The scale of the figures is an issue that I had to search in depth. Behind my initial decision lied the idea that small would help me hide the identity of the sitter and focus on the body language.
In the last 25 years, sculptural trends have used scale to underline measurement, relationships, boldness, convey messages and create visions. An artist who’s work is playing almost solely on the aspect of scale is Mueck’s figurative representational work. Rachel Wells’ analysis, (in her book “Scale in contemporary Sculpture: Enlargement, Miniaturisation and the Life-Size”, Ashgate, 2013) suggests that the tension imposed to the surrounding context by an enlarged (or miniaturized) sculpture, create Aristotelian “proportional metaphors” or “metaphors by analogy” (p 168).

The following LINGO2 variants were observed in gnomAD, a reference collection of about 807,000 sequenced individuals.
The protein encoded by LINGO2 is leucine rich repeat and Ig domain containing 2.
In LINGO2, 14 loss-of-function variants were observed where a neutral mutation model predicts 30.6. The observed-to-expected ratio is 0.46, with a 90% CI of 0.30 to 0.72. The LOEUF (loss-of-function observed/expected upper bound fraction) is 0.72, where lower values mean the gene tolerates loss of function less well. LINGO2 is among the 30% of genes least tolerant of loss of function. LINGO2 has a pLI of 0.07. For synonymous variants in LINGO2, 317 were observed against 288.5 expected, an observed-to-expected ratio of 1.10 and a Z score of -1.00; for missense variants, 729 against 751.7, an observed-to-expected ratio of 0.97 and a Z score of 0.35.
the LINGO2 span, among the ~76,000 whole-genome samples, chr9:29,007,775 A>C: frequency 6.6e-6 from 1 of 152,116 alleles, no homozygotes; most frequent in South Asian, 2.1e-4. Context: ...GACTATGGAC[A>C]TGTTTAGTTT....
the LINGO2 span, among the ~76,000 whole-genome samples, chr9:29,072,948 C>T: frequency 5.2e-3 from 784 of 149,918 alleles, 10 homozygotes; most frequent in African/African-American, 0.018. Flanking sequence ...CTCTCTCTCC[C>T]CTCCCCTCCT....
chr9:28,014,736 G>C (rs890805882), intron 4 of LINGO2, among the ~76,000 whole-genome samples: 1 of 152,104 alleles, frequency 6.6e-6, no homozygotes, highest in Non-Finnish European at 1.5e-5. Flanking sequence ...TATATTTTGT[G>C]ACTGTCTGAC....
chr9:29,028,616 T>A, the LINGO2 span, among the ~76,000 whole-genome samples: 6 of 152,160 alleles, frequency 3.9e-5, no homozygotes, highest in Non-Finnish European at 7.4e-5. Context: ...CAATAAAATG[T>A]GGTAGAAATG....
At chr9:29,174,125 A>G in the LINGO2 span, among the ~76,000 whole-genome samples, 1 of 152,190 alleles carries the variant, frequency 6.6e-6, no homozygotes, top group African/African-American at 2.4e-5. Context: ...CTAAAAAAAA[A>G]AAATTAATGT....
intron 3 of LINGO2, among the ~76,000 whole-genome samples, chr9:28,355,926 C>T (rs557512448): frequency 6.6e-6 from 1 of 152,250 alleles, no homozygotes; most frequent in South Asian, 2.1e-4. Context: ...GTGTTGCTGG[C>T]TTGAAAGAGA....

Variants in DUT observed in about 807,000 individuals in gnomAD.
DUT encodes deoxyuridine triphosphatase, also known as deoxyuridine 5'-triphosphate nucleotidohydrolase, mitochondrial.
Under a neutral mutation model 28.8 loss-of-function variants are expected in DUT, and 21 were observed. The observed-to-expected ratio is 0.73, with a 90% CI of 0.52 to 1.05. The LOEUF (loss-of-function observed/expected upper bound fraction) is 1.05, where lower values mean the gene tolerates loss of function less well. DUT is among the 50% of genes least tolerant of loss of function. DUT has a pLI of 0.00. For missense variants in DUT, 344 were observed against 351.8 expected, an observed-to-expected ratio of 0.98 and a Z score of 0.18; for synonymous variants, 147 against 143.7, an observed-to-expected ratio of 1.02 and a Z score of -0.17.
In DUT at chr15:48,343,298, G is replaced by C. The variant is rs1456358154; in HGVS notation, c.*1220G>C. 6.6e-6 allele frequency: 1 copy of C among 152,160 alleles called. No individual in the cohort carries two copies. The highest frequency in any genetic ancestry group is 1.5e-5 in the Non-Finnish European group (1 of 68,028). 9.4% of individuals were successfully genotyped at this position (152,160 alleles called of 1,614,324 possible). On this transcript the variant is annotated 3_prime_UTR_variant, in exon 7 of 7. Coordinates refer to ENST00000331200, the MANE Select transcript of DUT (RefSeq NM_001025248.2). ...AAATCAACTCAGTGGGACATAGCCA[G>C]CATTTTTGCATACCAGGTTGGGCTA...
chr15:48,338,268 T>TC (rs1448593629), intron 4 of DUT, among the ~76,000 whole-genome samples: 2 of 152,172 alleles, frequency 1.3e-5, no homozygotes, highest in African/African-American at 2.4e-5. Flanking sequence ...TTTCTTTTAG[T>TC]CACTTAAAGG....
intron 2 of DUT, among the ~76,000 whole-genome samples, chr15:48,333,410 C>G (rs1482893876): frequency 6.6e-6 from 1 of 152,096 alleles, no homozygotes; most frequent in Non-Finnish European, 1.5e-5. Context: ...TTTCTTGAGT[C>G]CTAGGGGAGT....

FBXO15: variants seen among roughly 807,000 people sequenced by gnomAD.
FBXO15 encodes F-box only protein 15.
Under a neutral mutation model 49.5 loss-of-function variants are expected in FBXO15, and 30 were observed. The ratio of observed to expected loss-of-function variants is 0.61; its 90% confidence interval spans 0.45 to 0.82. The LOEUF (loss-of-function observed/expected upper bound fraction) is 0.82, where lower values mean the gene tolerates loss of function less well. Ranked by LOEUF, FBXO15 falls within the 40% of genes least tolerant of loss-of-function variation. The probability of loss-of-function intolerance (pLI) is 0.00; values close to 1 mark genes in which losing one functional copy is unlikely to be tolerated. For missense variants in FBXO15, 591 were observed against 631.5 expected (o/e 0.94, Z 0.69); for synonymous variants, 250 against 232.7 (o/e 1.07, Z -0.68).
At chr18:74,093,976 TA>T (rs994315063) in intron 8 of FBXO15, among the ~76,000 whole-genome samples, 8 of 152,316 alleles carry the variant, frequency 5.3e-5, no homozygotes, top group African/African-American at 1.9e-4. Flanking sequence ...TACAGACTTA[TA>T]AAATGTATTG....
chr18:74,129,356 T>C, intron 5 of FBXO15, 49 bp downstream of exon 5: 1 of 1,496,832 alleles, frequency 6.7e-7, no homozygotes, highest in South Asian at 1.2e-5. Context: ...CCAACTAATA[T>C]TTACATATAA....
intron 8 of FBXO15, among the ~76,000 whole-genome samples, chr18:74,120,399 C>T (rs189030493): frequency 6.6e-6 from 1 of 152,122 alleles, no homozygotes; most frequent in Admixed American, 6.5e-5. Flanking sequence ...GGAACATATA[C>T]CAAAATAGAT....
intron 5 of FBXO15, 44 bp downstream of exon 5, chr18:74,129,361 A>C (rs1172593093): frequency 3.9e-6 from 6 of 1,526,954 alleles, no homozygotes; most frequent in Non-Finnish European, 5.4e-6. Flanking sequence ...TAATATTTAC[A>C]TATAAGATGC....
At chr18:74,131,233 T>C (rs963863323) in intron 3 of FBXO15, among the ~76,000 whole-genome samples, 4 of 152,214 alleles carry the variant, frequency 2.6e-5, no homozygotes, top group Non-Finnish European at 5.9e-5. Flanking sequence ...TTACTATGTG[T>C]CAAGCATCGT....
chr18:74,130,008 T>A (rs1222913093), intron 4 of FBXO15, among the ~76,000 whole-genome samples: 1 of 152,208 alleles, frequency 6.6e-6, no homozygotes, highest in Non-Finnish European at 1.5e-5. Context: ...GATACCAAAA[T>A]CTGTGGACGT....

The miniaturization of the figure uses that metaphorical aspect, allowing the viewer to relate, create analogies and tales in a loose sense, following her individual mind topos. The fragility and preciousness of the small increases intimacy and opens up control issues, theatrical abilities and makes the spectator (if it is allowed to play with the setting of figures) a director.